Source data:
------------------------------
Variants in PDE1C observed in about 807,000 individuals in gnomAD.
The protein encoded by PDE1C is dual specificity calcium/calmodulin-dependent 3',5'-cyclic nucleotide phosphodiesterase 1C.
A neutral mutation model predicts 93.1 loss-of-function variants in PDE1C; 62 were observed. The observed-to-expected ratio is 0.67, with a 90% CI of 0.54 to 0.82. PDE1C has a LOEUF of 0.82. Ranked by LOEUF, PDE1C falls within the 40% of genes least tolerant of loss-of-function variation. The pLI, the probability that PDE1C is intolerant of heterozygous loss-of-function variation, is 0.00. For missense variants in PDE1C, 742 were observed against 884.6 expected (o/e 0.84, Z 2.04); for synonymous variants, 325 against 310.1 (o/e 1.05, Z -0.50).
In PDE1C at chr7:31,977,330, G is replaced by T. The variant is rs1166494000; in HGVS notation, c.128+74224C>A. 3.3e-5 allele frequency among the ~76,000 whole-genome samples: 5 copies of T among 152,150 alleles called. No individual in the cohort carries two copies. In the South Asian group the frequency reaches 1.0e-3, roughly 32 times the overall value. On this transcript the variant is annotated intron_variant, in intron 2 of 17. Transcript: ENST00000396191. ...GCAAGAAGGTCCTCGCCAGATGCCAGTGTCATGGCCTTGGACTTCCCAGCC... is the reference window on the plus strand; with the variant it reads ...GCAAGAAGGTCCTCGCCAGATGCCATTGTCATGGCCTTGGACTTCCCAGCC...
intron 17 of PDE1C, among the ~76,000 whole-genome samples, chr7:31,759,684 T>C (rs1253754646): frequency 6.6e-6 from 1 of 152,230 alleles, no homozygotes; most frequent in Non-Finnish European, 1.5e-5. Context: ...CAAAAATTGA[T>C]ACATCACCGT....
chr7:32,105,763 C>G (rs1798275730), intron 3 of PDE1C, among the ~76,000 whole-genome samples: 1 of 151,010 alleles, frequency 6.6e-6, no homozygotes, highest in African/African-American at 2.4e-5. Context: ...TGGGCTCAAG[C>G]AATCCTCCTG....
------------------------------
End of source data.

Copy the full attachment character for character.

Variants in PDE1C observed in about 807,000 individuals in gnomAD.
The protein encoded by PDE1C is dual specificity calcium/calmodulin-dependent 3',5'-cyclic nucleotide phosphodiesterase 1C.
A neutral mutation model predicts 93.1 loss-of-function variants in PDE1C; 62 were observed. The observed-to-expected ratio is 0.67, with a 90% CI of 0.54 to 0.82. PDE1C has a LOEUF of 0.82. Ranked by LOEUF, PDE1C falls within the 40% of genes least tolerant of loss-of-function variation. The pLI, the probability that PDE1C is intolerant of heterozygous loss-of-function variation, is 0.00. For missense variants in PDE1C, 742 were observed against 884.6 expected (o/e 0.84, Z 2.04); for synonymous variants, 325 against 310.1 (o/e 1.05, Z -0.50).
In PDE1C at chr7:31,977,330, G is replaced by T. The variant is rs1166494000; in HGVS notation, c.128+74224C>A. 3.3e-5 allele frequency among the ~76,000 whole-genome samples: 5 copies of T among 152,150 alleles called. No individual in the cohort carries two copies. In the South Asian group the frequency reaches 1.0e-3, roughly 32 times the overall value. On this transcript the variant is annotated intron_variant, in intron 2 of 17. Transcript: ENST00000396191. ...GCAAGAAGGTCCTCGCCAGATGCCAGTGTCATGGCCTTGGACTTCCCAGCC... is the reference window on the plus strand; with the variant it reads ...GCAAGAAGGTCCTCGCCAGATGCCATTGTCATGGCCTTGGACTTCCCAGCC...
intron 17 of PDE1C, among the ~76,000 whole-genome samples, chr7:31,759,684 T>C (rs1253754646): frequency 6.6e-6 from 1 of 152,230 alleles, no homozygotes; most frequent in Non-Finnish European, 1.5e-5. Context: ...CAAAAATTGA[T>C]ACATCACCGT....
chr7:32,105,763 C>G (rs1798275730), intron 3 of PDE1C, among the ~76,000 whole-genome samples: 1 of 151,010 alleles, frequency 6.6e-6, no homozygotes, highest in African/African-American at 2.4e-5. Context: ...TGGGCTCAAG[C>G]AATCCTCCTG....